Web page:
SpaceX Starship absolutely stacked is a “dream”

SpaceX stacks the Starship prototype 20 on August 6, 2011 on the Booster 4 super heavy rocket.

@elonmusk on Twitter

Elon Musk’s SpaceX first stacked a Starship prototype rocket on top of a Super Heavy rocket booster Friday morning and gave a glimpse of the size of the combined nearly 400 foot tall vehicle.

When asked by CNBC what he thought of witnessing the milestone at the company’s Boca Chica, Texas facility, Musk simply replied.

“A dream comes true,” Musk replied in a tweet.

SpaceX is developing Starship to launch cargo and humans on missions to the moon and Mars. Spaceship prototypes are about 160 feet tall, or about the size of a 16-story building, and are made of stainless steel – they represent the early version of the rocket that Musk unveiled in 2019.

The missile takes off on a Super Heavy Booster, which forms the lower half of the missile and is about 70 meters high. Together, Starship and Super Heavy are nearly 400 feet tall when stacked for launch.

SpaceX launches Super Heavy Booster 4 in preparation for the company’s first orbital Starship launch.

Elon Musk

SpaceX conducted several short test flights of Starship prototypes over the past year, but reaching orbit is the next step in testing the rocket. The company announced its plan in May for the first orbital flight to take off from the company’s Texas facility and land off the coast of Hawaii.

Work to do

A SpaceX crane lifts the Starship prototype 20 onto the super heavy rocket Booster 4 during batch operation on August 6, 2021.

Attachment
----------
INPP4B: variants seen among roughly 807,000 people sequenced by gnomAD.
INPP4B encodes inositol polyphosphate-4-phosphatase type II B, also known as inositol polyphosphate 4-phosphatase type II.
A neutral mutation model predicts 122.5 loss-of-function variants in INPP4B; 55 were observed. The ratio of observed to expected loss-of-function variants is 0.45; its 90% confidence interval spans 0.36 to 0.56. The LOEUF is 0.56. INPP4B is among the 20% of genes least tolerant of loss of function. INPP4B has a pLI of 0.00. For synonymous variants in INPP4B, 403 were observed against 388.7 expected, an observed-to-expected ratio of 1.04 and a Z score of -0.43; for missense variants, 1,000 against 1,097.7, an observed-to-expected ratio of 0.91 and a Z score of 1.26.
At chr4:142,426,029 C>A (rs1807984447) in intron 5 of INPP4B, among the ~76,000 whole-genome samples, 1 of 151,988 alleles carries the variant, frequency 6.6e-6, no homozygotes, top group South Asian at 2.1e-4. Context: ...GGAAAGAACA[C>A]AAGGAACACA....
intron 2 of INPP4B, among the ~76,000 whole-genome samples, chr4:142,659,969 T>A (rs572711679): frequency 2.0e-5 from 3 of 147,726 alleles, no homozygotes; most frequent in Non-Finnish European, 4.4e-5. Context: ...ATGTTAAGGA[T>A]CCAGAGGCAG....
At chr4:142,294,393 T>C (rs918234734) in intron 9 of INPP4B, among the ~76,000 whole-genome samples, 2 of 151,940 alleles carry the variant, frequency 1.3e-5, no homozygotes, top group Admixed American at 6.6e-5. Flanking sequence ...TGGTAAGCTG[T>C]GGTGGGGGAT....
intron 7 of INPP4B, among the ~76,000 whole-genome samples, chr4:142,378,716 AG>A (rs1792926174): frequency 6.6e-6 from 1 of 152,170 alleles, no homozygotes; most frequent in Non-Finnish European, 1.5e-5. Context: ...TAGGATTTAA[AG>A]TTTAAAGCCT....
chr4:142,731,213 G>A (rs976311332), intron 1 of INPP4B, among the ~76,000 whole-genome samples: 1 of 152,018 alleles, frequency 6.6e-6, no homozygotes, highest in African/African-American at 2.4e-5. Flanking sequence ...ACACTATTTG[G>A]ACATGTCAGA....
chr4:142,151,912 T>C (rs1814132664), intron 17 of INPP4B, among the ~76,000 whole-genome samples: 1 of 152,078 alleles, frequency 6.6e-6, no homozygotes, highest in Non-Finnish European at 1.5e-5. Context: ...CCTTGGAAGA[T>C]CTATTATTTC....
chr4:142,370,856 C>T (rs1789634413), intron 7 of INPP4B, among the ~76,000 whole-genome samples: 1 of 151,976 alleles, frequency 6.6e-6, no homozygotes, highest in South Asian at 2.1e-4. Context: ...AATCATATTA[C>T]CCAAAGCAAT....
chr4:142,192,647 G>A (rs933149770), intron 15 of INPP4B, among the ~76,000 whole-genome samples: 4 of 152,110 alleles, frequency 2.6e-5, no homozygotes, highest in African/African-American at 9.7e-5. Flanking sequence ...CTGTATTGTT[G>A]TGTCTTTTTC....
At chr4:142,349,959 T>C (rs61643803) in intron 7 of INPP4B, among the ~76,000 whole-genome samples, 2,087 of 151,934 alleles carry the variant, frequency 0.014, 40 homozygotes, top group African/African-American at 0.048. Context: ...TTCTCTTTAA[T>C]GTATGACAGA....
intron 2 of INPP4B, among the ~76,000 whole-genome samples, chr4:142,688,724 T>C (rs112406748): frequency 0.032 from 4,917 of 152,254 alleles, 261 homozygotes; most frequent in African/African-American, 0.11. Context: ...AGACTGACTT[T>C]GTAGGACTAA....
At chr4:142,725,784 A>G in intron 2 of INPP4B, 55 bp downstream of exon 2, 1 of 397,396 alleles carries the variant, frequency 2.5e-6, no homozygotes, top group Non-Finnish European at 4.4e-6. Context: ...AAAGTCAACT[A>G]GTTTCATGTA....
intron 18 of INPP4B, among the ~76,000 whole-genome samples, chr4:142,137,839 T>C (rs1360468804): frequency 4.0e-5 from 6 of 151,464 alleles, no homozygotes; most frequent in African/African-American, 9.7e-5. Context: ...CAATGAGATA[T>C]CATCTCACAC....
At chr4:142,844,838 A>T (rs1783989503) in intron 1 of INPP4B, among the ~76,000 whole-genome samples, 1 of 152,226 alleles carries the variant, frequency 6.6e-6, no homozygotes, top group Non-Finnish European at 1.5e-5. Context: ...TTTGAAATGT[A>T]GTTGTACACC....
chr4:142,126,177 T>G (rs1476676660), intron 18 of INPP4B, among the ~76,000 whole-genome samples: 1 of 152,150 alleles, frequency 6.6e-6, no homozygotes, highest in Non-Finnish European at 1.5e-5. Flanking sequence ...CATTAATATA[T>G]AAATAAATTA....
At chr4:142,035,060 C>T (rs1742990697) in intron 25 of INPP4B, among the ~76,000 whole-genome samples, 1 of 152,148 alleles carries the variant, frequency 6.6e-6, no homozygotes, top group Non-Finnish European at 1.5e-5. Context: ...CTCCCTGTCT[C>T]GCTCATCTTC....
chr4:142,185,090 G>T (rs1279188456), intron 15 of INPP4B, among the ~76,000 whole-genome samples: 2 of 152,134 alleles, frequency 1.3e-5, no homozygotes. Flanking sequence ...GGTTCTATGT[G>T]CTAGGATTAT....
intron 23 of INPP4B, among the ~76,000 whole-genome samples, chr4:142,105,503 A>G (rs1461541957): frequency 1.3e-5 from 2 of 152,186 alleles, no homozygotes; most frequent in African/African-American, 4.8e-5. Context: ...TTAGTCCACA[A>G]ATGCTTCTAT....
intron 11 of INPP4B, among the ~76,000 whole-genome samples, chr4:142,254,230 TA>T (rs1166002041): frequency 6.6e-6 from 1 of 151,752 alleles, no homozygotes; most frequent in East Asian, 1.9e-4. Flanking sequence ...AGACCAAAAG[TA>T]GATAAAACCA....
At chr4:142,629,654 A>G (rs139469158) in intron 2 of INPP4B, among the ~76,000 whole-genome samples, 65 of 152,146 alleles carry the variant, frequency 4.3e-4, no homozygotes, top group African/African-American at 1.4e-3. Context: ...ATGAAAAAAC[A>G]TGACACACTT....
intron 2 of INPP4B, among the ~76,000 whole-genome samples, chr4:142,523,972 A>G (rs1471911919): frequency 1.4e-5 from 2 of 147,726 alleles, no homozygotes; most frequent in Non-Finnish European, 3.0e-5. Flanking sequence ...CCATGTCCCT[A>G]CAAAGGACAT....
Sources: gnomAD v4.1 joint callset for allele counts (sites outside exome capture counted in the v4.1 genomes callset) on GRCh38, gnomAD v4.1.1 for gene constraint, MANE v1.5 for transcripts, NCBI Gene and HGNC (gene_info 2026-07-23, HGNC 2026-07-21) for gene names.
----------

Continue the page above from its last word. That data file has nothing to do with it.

@elonmusk on Twitter

Musk outlined four “major elements” SpaceX plans to complete over the next two weeks as it prepares Starship 20 for launch.

He said SpaceX needed to add the “final heat shield tiles” to the ship, add “thermal protection” to the Raptor rocket engines in Booster 4, complete work on “ground fuel storage tanks,” and add a quick-release arm to the top of the newly built launch tower. The quick release arm connects the power and fuel lines to the missile prior to launch.

While SpaceX’s fleet of Falcon 9 and Falcon Heavy rockets are partially reusable, Musk’s goal is to make Starship fully reusable – a rocket more like an airliner, with short turnaround times between flights, so the only major cost is the Are fuel.

SpaceX stacks Starship Prototype 20 on Super Heavy Rocket Booster 4 on August 6, 2021.

@elonmusk on Twitter

An important element in making Starship fully reusable is improving its durability in order to survive the intense process of re-entry into the Earth’s atmosphere. Small hexagonal heat shield tiles are SpaceX’s answer to this problem, with the previously shiny Starship 20 rocket now covered in thousands of tiles.

Musk noted that the work on the tiles for Starship 20 is “98% done” because “the remaining tiles are unique shapes that require editing.”

NASA watch out

A SpaceX crane prepares to lift the Starship prototype 20 onto the Booster 4 super heavy rocket during batch operation on August 6, 2021.

@elonmusk on Twitter

NASA has paid close attention to the development of Starship, especially as the US space agency SpaceX awarded a controversial $ 2.9 billion contract earlier this year to bring astronauts to the lunar surface with the rockets.

NASA’s senior science missions officer Thomas Zurbuchen told CNBC that he continues to monitor Starship’s progress.

“Yeah, I’ve been following this all along and I’m looking forward to @SpaceX reaching this milestone! Can’t wait to see it fly!” Zurbuchen wrote in a tweet.

Musk responded to booking in another tweet touting Starship’s predicted capabilities.

“With its size and ability to bring scientific instruments back even from space, Starship will enable a whole new class of scientific missions,” wrote Musk.

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